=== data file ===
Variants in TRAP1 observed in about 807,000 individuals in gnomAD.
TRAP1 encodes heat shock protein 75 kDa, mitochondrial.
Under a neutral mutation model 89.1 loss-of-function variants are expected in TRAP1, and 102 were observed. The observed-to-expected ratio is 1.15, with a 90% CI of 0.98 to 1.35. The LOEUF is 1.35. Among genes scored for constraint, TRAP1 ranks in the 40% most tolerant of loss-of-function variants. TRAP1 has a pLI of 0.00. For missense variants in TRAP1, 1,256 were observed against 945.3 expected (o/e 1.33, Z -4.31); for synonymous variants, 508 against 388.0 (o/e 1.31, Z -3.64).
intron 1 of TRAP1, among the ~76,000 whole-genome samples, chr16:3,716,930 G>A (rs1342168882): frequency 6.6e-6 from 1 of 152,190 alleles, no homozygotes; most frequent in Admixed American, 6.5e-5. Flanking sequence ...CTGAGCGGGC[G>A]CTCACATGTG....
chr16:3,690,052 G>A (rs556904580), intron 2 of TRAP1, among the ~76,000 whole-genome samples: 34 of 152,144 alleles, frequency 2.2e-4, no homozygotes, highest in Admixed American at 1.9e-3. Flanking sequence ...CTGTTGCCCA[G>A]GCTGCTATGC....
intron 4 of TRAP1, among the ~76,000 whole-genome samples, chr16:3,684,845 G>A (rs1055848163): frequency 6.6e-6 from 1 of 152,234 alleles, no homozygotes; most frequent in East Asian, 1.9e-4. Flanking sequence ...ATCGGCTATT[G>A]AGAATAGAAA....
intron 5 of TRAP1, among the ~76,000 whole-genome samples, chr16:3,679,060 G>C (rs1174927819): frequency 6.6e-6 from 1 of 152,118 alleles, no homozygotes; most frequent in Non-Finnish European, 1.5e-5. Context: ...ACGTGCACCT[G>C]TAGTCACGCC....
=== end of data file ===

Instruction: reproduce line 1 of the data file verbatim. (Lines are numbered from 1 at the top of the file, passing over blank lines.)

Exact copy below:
Variants in TRAP1 observed in about 807,000 individuals in gnomAD.